Christmas Eve, 1972
The rain pelt so hard it sprang up from the porch like bullets. The detective removed his hat, water dripping down his face, hiding tears but for his red-rimmed eyes. He couldn’t help crying, after what he had seen and for the scene before him. The Christmas tree lit with multi-colored lights and draped with silver tinsel. The cookies on the mantle. Frank Sinatra crooning “Jingle Bells” from the record player. And a small boy wearing red pajamas. These were the reasons the detective wiped his nose like a baby, and steeled himself to bear the bad news.
* * *
Mikael Sasha Coen already knew why the detective had come. Someone once said he could smile with only his big, blue eyes. He tried this by focusing his eyes hard into the sadness that seemed to hunch the detective’s shoulders. He curved the corners of his mouth upward just a little. It was enough to make the detective smile back.
“He should leave the room,” the detective said.
Daan shook his head. “The sooner he gets used to hearing bad news, the better.”
The detective scratched his sideburn.
“Mr. Coen, I’m so sorry to say this, tonight of all nights. But there’s been an accident. Your wife’s car went over the Ballard Bridge. She didn’t make it.”
Daan Coen keeled over and keened, a sound more piercing than nails dragged against a chalkboard. The detective described what happened. The grates were slick. His wife had been speeding to beat the drawbridge, raised to let a party yacht into the Fremont canal. She skidded and lost control. Daan sobbed and asked the Lord why. But Mikael thought he knew that, too.
After a moment, Daan asked,
“But wouldn’t she have seen the warning lights? Wouldn’t the gate have dropped? I don’t understand how this could happen.”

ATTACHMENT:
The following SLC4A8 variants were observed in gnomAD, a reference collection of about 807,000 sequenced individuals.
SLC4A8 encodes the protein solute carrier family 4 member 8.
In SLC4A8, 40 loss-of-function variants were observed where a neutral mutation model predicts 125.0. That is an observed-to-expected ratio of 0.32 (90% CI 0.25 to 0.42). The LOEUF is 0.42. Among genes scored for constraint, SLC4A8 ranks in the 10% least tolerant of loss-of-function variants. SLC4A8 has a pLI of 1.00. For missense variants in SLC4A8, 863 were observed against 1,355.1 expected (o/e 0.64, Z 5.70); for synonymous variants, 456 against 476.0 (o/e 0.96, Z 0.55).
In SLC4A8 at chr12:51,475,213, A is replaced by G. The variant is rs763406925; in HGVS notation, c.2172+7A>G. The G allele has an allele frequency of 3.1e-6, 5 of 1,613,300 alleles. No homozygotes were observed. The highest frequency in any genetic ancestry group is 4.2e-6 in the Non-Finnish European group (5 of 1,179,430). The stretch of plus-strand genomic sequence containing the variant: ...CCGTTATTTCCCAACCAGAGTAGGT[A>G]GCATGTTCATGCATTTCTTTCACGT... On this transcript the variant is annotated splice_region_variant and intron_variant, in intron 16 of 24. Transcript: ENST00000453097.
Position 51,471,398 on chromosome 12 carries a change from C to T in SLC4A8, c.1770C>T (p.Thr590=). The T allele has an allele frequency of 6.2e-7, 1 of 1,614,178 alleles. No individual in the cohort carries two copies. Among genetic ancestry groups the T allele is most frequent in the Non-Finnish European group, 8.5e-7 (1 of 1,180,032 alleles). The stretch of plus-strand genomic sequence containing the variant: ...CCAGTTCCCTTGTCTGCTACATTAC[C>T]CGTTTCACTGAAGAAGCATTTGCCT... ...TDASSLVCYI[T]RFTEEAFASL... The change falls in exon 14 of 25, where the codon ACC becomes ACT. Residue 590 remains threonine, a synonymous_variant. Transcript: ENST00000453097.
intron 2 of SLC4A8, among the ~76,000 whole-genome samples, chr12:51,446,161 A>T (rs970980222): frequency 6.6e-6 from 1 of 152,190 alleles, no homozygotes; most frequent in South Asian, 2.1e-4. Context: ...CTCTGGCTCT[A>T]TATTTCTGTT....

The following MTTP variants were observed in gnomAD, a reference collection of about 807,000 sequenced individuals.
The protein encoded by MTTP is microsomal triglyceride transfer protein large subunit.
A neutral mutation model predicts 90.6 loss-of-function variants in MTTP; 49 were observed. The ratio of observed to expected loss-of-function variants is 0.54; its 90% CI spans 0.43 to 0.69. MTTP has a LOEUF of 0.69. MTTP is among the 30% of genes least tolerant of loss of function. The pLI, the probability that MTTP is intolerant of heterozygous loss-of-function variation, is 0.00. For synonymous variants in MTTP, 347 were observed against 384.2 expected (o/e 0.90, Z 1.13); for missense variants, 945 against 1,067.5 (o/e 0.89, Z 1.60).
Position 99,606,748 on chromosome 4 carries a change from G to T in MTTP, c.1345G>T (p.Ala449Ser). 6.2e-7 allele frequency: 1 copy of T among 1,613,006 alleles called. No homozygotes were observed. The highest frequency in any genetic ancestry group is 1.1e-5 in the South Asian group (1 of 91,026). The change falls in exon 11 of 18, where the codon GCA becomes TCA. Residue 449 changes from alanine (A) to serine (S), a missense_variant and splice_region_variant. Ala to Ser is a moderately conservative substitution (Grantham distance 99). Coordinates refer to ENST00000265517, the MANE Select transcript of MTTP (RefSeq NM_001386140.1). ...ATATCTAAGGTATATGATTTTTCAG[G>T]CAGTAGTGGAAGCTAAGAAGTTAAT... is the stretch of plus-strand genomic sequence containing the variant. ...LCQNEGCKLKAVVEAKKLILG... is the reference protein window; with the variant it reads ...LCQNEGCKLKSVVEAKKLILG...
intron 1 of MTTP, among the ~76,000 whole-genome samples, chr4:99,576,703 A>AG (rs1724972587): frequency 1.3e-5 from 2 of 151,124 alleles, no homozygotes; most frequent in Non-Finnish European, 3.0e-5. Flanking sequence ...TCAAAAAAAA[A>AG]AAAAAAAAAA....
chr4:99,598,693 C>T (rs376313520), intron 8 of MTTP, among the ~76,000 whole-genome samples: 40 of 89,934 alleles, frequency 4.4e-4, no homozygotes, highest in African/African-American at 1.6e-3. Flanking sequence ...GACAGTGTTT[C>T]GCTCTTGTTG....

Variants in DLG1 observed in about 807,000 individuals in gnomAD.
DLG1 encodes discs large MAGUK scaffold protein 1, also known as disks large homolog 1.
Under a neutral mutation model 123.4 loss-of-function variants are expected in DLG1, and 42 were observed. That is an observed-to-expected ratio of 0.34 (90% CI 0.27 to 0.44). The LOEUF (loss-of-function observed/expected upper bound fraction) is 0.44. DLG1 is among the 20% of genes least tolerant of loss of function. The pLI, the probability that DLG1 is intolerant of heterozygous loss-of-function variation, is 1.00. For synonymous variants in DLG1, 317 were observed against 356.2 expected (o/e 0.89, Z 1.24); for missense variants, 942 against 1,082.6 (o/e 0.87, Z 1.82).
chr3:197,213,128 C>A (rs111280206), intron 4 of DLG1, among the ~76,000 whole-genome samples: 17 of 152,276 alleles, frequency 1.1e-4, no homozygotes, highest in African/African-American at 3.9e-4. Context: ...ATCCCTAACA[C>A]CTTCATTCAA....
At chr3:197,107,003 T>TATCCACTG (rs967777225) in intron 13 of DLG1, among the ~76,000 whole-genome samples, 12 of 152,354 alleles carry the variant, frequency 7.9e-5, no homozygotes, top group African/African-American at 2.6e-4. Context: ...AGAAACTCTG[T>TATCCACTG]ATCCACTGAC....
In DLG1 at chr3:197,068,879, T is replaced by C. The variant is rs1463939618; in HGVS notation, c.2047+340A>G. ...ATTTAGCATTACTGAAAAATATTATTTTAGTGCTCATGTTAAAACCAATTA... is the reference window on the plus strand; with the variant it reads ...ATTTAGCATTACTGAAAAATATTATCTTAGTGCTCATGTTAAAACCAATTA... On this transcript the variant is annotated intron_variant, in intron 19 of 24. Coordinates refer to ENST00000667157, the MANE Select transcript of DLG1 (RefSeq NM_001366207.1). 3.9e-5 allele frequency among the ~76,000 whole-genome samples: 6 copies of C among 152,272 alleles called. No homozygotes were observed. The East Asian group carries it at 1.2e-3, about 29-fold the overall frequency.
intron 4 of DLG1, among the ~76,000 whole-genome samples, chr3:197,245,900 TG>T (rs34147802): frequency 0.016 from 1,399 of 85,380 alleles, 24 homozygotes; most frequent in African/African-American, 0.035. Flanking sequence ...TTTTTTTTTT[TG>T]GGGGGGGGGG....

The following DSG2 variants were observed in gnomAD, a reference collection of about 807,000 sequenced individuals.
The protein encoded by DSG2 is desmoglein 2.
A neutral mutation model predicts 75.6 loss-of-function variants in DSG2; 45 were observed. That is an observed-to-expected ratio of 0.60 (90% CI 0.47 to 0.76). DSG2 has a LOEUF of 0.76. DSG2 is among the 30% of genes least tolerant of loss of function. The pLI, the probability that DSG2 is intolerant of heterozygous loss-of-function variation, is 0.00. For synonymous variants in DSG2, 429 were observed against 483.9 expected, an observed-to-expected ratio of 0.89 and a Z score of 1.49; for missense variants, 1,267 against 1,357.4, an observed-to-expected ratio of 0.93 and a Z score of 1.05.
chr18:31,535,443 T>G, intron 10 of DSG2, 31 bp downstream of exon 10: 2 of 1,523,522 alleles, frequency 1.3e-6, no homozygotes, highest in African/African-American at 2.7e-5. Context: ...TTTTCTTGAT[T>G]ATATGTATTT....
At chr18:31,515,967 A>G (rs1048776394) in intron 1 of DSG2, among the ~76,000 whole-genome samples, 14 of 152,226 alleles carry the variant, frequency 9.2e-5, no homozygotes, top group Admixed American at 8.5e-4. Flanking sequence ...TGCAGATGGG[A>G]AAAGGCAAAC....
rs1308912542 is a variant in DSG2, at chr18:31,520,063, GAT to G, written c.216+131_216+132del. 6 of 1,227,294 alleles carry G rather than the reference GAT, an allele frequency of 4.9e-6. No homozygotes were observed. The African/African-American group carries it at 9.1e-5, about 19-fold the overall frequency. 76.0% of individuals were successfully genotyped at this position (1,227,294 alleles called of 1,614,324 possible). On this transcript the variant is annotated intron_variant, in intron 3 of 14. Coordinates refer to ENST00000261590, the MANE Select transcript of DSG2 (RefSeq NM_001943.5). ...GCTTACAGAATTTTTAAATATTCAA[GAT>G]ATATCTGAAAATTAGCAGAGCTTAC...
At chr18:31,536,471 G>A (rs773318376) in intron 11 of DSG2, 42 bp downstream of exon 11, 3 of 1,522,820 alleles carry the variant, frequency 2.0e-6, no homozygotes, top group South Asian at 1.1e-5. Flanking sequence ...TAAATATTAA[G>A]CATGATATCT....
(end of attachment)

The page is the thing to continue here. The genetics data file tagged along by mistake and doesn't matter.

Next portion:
The detective pursed his lips. He spoke in the way adults sometimes did that made Mikael feel as if he’d been naughty.
“Not here,” the detective said.
Mikael watched from the porch as Daan left to identify the body. He’d promised to stay with one of the neighbors that lived in the apartment units of The Bridgewater. As Mikael turned, he heard a chattering sound, and it drew his attention to the stoop next door. A young girl sat with her head pushed between her knees, her body rocking back and forth and her arms enclosing her shivering shins.
“What’re you doing? It’s raining,” he said.
“No shit,” she muttered. “I’m locked out.”
“Why?” He bit his lip. “Also, you shouldn’t talk like that. My dad says bad words send people to hell.”
The girl didn’t answer. When she looked up, he saw the gray eyes of a feral cat ready to scram into the city gutters.
Mikael walked inside and turned up the music. He took the cookies from the mantle and went back to the porch, holding them in the rain, in view of the girl.
“Want a cookie?”
“I’m fine. My mom is coming soon.”
“You want to help me open my presents?”
The girl shrugged and stared at her knees.
Mikael sighed and stomped back to the Christmas tree. He moved the gifts from beneath the tree, one by one, into his bedroom. He knew the girl would come out of the rain soon. No kid could resist Christmas presents. On each trip to the tree he passed a photo of his mother. It was the kind with two faces, one of the smiling front and the other a profile. The two-faced photo was ghoulish, and each time he passed it became harder to look at because of the goosebumps that tickled his arm. He didn’t want to open presents in front of the ghost that had once been his mother.